Articles from my Sabbatical Published!

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I spent my sabbatical last spring developing an idea I had long been kicking around--that we reached a technological maturity point in our industry sometime in the past decade or so. Of course there will always be innovation, but it occurred to me that most of the big problems we had encountered during my career had been pretty well sorted out, and things had settled down a bit. Gear, for example, is now starting to just wear out rather than go completely obsolete. We have 15-20 year old moving lights and powered speakers and other stuff at my school, for example, that--while of course needing replacement--are still working fine. And the new models don't really offer any significant new functionality.

I’ll write more on this topic later, but the articles are both now available online and I hope people will take a look.

I would read this Lighting & Sound America article first, titled Show Technology Comes of Age, which talks about the maturity of technology in our industry, and includes a detailed timeline (thumbnail above) of seminal shows and show technology developments. I then go onto talk about how this has impacted the way we do things, get reactions from industry leaders, and speculate on where we are going in the future. Link here (you have to create an free account to read) or direct PDF link here.

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Next I would recommend reading the article in the USITT journal TD&T, which discusses the impacts of this technological change on the way we teach and how things have changed since a 2002 article I wrote on the topic. It’s titled Bridging Art and State-of-the-Art and there is a link here.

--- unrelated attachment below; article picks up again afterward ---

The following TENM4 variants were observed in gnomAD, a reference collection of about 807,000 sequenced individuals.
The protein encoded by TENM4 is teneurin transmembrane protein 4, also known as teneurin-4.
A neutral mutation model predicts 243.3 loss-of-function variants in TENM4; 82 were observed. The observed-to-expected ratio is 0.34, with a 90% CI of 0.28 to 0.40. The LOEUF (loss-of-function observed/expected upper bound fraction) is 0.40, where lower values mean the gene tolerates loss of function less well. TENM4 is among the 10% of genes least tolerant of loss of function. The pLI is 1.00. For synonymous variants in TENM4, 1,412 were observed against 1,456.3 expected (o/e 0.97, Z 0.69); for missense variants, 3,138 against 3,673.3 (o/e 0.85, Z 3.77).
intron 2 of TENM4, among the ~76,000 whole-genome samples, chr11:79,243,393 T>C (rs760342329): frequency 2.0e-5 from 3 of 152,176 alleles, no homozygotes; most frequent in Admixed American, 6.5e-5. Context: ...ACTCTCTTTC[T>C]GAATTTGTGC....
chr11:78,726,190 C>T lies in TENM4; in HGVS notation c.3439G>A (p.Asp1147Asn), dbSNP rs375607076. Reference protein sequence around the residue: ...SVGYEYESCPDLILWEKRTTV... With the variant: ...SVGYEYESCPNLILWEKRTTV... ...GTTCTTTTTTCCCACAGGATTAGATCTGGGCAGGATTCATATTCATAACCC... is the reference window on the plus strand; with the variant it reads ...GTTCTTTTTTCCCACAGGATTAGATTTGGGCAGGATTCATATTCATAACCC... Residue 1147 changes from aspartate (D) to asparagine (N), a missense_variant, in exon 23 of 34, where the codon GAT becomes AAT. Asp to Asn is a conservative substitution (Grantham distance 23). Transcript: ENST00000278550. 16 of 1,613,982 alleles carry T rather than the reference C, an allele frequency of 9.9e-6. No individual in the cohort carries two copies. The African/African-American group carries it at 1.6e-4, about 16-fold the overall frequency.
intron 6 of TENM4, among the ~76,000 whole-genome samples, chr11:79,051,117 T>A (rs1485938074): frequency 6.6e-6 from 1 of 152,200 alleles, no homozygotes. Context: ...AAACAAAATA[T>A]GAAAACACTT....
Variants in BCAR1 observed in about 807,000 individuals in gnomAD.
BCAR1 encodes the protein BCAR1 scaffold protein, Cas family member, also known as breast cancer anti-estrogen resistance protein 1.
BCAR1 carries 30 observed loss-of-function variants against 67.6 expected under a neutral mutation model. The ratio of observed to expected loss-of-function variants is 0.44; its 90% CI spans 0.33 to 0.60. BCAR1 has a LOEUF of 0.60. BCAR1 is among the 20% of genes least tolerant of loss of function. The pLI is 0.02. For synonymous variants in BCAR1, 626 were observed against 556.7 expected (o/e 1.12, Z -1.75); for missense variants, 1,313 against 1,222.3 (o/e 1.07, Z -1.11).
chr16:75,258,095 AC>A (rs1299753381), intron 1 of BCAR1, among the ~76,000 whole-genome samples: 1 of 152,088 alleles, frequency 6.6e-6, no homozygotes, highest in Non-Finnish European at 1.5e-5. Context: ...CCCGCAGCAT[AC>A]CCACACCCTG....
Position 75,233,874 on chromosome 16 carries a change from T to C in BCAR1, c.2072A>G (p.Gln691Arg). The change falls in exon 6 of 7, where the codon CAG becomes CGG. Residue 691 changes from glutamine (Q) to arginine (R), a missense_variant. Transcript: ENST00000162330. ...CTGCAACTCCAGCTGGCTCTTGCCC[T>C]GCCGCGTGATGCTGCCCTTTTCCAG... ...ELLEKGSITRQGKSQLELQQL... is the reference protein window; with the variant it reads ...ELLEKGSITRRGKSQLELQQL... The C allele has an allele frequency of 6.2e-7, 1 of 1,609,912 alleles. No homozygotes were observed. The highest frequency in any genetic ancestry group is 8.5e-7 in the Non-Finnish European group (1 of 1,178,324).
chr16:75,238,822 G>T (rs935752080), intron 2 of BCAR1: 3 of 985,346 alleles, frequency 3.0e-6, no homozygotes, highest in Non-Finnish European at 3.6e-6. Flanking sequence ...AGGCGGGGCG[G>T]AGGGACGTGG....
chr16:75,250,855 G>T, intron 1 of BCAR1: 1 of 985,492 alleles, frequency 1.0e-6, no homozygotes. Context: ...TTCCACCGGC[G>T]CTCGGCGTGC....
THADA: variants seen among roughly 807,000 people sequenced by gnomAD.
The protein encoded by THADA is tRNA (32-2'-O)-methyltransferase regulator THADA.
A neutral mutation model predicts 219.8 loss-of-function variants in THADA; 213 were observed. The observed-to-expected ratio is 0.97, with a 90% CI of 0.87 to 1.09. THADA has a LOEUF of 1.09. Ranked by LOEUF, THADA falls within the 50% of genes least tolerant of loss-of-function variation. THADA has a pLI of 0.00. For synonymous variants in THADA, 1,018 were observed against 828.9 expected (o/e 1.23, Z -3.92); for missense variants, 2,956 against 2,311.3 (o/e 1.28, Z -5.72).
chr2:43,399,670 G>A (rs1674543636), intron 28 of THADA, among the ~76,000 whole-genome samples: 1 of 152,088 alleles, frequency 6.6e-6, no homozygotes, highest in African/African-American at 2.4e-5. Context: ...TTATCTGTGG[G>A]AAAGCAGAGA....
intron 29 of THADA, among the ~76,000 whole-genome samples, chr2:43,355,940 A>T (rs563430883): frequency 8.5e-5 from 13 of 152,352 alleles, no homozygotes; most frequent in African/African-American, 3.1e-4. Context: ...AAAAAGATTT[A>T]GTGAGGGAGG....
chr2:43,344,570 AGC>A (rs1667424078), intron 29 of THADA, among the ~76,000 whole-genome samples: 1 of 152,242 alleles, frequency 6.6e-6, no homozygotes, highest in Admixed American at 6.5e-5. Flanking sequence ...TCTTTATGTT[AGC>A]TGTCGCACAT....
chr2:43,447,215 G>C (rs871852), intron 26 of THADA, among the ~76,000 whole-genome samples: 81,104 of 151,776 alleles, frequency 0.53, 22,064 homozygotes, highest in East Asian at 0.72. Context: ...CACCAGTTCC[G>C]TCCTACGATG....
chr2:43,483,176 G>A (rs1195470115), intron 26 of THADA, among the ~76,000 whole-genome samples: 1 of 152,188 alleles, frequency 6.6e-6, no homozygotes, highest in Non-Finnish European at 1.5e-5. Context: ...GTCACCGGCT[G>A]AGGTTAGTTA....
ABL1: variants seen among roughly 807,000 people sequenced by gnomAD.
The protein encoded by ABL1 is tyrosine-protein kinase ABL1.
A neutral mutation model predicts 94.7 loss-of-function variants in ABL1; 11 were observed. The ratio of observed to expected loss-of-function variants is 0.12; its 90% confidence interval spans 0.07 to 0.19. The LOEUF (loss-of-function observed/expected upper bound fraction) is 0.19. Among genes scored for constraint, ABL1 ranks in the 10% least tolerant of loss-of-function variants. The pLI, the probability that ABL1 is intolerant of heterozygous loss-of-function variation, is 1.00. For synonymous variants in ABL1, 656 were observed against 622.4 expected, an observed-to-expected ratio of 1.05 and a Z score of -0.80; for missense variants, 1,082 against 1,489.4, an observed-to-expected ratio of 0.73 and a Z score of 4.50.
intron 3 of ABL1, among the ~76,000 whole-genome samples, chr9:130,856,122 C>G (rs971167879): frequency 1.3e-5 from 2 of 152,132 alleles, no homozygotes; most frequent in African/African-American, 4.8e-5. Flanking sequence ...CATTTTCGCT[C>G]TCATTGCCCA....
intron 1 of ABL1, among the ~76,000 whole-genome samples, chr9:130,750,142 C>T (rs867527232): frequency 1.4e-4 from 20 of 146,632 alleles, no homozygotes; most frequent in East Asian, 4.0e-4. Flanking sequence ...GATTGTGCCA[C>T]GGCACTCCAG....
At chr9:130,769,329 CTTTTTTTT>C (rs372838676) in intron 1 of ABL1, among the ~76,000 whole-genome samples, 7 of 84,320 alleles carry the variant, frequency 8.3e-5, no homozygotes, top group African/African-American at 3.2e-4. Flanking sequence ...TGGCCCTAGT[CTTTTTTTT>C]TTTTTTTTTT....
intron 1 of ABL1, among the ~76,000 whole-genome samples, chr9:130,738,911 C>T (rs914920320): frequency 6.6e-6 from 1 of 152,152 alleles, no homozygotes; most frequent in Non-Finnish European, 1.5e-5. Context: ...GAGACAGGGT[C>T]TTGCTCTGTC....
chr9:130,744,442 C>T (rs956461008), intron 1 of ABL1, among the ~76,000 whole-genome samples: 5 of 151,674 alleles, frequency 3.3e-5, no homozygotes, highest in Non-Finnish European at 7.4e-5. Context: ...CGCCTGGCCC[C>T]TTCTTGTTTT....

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Dante Redundancy and Troubleshooting

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One of the greatest features of Dante audio networking is redundancy. If you use it, and something goes wrong on either network, the system will switch over and the change won’t likely even be audible.

If you mix the Primary and Secondary networks, though, you can get very chaotic behaviors that can be hard to troubleshoot. Working with students, who can find new and innovative ways to break nearly any system, I’ve encountered this problem in a way that i wouldn’t have anticipated, so I thought I’d post it here in case anyone else is searching for a solution to the same behavior.

Audinate recommends, wisely, that when using Dante in a redundant system, you should get the primary completely up and running, and then add in the secondary network. I generally do this myself, and a few times, when I went to connect the secondary system, I got all kinds of erratic behavior in Dante Controller and things would appear “offline” in the Yamaha console. The culprit? Unintentional mixing of the two networks.

How could this happen if you’re carefully managing your networks (I even like to use different colors). Well some Dante gear defaults to Daisy Chain mode, where the redundant feature is disabled and the Dante enabled device essentially becomes a two-port switch using the Primary and Secondary connectors. In this way, when you connect the secondary cable or network, the gear set to Daisy Chain mode now connects your two networks, causing all kinds of erratic problems.

So now, on my checklist, in addition to connecting only the Primary network first, I go to all connected gear and verify that it is in Redundant mode and not Daisy Chain mode.

A New Rack for the Gravesend Inn Animatronic Control System